has been demonstrated only recently.[11] Apart from the fact
that only minute amounts of material are required, a big
advantage of single-molecule sequencing is that each molecule is monitored individually. Thus, nucleotide incorporation
does not need to be driven to completion, which in turn
reduces misincorporations, and thus the error rate. Owing to
their slow reaction kinetics, non-complementary nucleotides
cannot compete with the time required to incorporate 80 to
90 % of the correct base.[6, 9]
To incorporate the labeled VT nucleotides, a modified
polymerase is required. Ozsolak et al.[9] screened known
reverse transcriptases, and also several DNA-dependent
DNA polymerases that had been previously shown to have
an engineered reverse-transcriptase activity.[12] Obviously,
they have identified a polymerase that efficiently incorporates the VT nucleotides, thereby differentiating between the
2010 Wiley-VCH Verlag GmbH & Co. KGaA, Weinheim
Scheme 1. Possible structure of VT nucleotides. The fluorescent label
may be attached to the heterocyclic base B, requiring an additional 3’O-blocking group (top), or the fluorophore is directly linked to the 3’O-blocking group (PG; bottom).
Figure 1. RNA sequencing. A) Polyadenylated templates are hybridized
to a poly(dT)-coated surface, filled in with dTTP, and locked in position
with VT nucleotides. B,D,F) The fluorescence dye and the 3’-O blocking
group are cleaved off, generating a free 3’-OH group. C,E) VT
nucleotides (for example, VT-C or VT-G) are added, followed by
washing and imaging the position of the label on the chip.
correct and the impaired nucleotide sufficiently well. Disappointingly, the paper does not give any further information
on the nature of the polymerase; the same applies to the VT
nucleotides. It is left to the fantasy of the reader as to what the
chemical nature of these nucleotides is, and how the dye and
the inhibitor group are cleaved off.
One possibility is using fluorescently labeled 3’-O-blocked
nucleotides, with the fluorescent label attached to the
heterocyclic base (Scheme 1, top), and cleavage of the
fluorescent label and of the 3’-O-blocking group under
identical conditions.[13] This strategy is reasonable, as polymerases have been shown to accept nucleotides with bulky
attachments.[14] Presumably, the VT-nucleotides used by
Ozsolak et al.[9] are also decorated with a dye attached to
the heterocyclic base and a separate 3’-O-blocking group, and
both are cleaved under identical conditions. The dye is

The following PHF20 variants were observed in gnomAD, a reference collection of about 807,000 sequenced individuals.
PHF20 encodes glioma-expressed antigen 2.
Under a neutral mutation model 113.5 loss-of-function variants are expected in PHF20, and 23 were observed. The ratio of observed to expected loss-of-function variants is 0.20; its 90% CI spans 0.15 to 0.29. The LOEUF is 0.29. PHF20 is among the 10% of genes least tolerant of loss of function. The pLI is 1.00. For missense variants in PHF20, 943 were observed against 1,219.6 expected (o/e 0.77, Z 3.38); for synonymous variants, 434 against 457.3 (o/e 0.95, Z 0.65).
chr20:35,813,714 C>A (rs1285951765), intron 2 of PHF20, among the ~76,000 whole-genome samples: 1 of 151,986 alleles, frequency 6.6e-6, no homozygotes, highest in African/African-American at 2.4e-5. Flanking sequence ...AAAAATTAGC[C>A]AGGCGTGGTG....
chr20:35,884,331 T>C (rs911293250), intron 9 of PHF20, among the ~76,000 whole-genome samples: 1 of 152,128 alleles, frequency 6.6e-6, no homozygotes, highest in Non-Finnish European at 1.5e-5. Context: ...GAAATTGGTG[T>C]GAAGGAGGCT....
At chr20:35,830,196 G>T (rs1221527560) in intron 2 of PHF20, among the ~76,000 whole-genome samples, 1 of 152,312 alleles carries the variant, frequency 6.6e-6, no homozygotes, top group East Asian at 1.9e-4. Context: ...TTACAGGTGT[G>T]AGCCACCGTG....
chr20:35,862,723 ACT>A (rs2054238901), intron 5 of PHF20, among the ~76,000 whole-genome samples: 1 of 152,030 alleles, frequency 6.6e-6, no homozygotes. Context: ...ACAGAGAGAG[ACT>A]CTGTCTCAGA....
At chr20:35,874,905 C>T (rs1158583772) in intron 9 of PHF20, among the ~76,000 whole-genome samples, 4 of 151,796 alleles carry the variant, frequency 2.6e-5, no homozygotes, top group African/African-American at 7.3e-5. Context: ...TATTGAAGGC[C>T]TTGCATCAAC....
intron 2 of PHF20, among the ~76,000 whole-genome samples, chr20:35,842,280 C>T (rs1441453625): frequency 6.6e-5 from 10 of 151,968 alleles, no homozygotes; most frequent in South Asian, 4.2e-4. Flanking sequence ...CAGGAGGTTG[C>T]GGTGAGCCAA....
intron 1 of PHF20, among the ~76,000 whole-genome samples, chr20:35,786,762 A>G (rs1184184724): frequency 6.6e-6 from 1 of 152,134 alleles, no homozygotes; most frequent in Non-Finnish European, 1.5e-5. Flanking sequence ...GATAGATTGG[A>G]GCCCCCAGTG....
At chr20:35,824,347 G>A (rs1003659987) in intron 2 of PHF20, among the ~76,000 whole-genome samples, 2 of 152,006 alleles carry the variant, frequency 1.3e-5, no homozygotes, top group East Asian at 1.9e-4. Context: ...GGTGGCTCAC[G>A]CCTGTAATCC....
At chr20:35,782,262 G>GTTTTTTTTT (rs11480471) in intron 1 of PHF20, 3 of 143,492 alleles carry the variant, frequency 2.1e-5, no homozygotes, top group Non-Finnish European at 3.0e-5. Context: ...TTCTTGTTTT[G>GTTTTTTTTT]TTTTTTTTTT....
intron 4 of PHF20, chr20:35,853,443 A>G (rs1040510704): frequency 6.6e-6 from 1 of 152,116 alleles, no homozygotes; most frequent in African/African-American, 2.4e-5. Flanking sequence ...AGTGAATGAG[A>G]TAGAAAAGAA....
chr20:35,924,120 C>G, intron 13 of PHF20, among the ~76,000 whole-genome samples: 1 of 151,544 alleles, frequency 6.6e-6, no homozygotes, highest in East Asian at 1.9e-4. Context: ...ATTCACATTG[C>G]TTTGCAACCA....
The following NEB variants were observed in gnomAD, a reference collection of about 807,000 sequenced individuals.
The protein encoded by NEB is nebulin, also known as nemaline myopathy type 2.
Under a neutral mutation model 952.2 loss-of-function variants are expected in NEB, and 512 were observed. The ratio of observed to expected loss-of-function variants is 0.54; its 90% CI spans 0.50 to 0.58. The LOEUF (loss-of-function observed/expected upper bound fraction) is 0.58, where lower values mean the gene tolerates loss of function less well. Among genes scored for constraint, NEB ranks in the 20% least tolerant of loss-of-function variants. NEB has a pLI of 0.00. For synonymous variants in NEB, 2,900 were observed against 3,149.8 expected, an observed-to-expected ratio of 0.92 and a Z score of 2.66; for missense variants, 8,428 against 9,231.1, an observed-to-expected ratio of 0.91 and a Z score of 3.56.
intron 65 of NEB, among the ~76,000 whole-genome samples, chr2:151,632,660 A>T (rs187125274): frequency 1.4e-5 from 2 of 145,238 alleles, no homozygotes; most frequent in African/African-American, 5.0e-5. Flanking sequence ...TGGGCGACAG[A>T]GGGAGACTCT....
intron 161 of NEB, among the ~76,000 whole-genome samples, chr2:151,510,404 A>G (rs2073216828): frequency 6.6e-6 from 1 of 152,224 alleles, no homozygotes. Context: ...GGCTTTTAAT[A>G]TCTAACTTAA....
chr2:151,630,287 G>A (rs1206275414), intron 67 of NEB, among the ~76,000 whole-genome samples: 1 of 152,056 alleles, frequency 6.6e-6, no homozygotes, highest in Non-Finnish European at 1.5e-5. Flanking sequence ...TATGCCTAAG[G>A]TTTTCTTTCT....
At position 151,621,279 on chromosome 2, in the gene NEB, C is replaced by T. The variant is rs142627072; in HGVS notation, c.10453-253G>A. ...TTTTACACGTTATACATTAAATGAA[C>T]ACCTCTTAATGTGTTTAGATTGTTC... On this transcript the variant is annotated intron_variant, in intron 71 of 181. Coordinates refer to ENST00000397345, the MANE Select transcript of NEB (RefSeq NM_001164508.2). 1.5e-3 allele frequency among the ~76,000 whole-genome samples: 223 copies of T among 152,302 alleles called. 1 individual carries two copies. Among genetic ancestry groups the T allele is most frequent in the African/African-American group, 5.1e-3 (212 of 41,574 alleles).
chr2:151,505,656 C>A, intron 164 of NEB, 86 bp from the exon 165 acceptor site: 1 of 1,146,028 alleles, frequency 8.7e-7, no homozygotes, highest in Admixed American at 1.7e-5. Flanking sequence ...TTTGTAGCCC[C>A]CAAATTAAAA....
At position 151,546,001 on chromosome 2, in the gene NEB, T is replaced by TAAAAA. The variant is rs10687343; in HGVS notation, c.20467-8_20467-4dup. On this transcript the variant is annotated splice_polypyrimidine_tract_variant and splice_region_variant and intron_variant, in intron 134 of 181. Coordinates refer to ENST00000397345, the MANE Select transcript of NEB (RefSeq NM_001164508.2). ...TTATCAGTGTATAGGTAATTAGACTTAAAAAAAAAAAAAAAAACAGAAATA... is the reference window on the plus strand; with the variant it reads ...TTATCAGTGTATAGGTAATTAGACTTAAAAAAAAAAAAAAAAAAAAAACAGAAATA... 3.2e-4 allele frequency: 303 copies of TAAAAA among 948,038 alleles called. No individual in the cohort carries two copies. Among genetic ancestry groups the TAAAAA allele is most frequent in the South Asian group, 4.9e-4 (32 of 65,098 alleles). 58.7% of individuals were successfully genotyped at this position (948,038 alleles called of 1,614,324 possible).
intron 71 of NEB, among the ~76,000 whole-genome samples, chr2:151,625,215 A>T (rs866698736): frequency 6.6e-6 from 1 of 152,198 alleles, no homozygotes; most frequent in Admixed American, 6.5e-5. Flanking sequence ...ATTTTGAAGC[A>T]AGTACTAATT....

probably identical in all four VT nucleotides, because after
each nucleotide incorporation step, the localization of the
label on the chip is imaged rather than measuring the color of
the released dye.
Alternatively, the fluorescent label might be attached
directly to the 3’-O-blocking group (Scheme 1, bottom), such
that efficient 3’-deblocking is monitored by the leakage of
fluorescence. It is questionable whether natural polymerase
would accept a nucleotide with a rather bulky group at the 3’position as substrate; however, the technologies available
nowadays for protein mutagenesis and evolution offer the
chance to develop such polymerases.
With the new DRS technology at hand, Ozsolak et al.[9]
first sequenced chemically synthesized 40-mer oligonucleotides as model systems to develop and optimize DRS
chemistry, followed by sequencing Saccharomyces cerevisiae
poly(A)+ RNA, and alignment of the sequence reads to the
yeast genome using bioinformatic tools. The average aligned
read length was 28.7 nucleotides in 41 261 reads, with 120
sequencing cycles over three days. This result puts DRS,
though still in its infancy, in amongst high-throughput
technologies, with the potential for exciting applications.
After further advances and refinement, the method could be
used to make snapshots of the transcriptome of any given
population of cells for example, or even of individual cells.
Unfortunately, the paper by Ozsolak et al.[9] does not provide
information on the chemistry behind this technology and
other scientific details. This absence may be understandable
from the commercial point of view, yet it is disappointing to
the reader, who, studying a publication in a scientific journal,
expects to find all the information needed to fully understand
the work.
Received: November 10, 2009
Published online: January 13, 2010